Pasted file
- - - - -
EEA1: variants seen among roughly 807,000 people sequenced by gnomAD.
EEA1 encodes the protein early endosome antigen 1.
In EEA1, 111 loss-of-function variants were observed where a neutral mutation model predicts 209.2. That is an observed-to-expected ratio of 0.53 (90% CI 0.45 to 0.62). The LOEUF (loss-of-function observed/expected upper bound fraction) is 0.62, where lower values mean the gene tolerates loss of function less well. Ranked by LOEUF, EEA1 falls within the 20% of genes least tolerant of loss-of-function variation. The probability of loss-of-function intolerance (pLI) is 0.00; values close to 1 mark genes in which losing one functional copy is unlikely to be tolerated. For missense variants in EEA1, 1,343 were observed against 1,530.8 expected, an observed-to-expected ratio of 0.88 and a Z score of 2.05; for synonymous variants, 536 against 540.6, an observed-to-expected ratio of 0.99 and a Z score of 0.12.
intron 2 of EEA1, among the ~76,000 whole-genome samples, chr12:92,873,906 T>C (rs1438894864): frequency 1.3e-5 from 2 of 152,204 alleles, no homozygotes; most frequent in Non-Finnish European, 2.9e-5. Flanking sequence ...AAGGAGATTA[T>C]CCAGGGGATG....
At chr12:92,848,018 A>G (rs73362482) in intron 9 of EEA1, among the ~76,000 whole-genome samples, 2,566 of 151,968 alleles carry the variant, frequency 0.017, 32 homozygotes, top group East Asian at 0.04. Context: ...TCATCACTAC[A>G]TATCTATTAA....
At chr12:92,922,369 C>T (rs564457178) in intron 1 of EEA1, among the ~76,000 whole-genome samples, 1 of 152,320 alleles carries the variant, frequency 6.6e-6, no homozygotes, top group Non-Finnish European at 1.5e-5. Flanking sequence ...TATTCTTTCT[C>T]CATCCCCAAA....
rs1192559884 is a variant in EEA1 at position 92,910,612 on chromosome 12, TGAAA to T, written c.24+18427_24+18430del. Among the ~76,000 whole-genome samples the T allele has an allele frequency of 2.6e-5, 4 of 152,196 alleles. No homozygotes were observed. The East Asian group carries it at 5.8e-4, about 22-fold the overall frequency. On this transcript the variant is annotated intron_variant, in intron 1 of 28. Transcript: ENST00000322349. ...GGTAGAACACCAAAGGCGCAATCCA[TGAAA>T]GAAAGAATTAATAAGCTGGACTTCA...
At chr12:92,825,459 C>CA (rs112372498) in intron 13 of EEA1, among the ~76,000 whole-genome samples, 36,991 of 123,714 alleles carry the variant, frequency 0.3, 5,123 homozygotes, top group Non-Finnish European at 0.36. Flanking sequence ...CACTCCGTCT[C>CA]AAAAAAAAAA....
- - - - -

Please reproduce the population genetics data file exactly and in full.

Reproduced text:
EEA1: variants seen among roughly 807,000 people sequenced by gnomAD.
EEA1 encodes the protein early endosome antigen 1.
In EEA1, 111 loss-of-function variants were observed where a neutral mutation model predicts 209.2. That is an observed-to-expected ratio of 0.53 (90% CI 0.45 to 0.62). The LOEUF (loss-of-function observed/expected upper bound fraction) is 0.62, where lower values mean the gene tolerates loss of function less well. Ranked by LOEUF, EEA1 falls within the 20% of genes least tolerant of loss-of-function variation. The probability of loss-of-function intolerance (pLI) is 0.00; values close to 1 mark genes in which losing one functional copy is unlikely to be tolerated. For missense variants in EEA1, 1,343 were observed against 1,530.8 expected, an observed-to-expected ratio of 0.88 and a Z score of 2.05; for synonymous variants, 536 against 540.6, an observed-to-expected ratio of 0.99 and a Z score of 0.12.
intron 2 of EEA1, among the ~76,000 whole-genome samples, chr12:92,873,906 T>C (rs1438894864): frequency 1.3e-5 from 2 of 152,204 alleles, no homozygotes; most frequent in Non-Finnish European, 2.9e-5. Flanking sequence ...AAGGAGATTA[T>C]CCAGGGGATG....
At chr12:92,848,018 A>G (rs73362482) in intron 9 of EEA1, among the ~76,000 whole-genome samples, 2,566 of 151,968 alleles carry the variant, frequency 0.017, 32 homozygotes, top group East Asian at 0.04. Context: ...TCATCACTAC[A>G]TATCTATTAA....
At chr12:92,922,369 C>T (rs564457178) in intron 1 of EEA1, among the ~76,000 whole-genome samples, 1 of 152,320 alleles carries the variant, frequency 6.6e-6, no homozygotes, top group Non-Finnish European at 1.5e-5. Flanking sequence ...TATTCTTTCT[C>T]CATCCCCAAA....
rs1192559884 is a variant in EEA1 at position 92,910,612 on chromosome 12, TGAAA to T, written c.24+18427_24+18430del. Among the ~76,000 whole-genome samples the T allele has an allele frequency of 2.6e-5, 4 of 152,196 alleles. No homozygotes were observed. The East Asian group carries it at 5.8e-4, about 22-fold the overall frequency. On this transcript the variant is annotated intron_variant, in intron 1 of 28. Transcript: ENST00000322349. ...GGTAGAACACCAAAGGCGCAATCCA[TGAAA>T]GAAAGAATTAATAAGCTGGACTTCA...
At chr12:92,825,459 C>CA (rs112372498) in intron 13 of EEA1, among the ~76,000 whole-genome samples, 36,991 of 123,714 alleles carry the variant, frequency 0.3, 5,123 homozygotes, top group Non-Finnish European at 0.36. Flanking sequence ...CACTCCGTCT[C>CA]AAAAAAAAAA....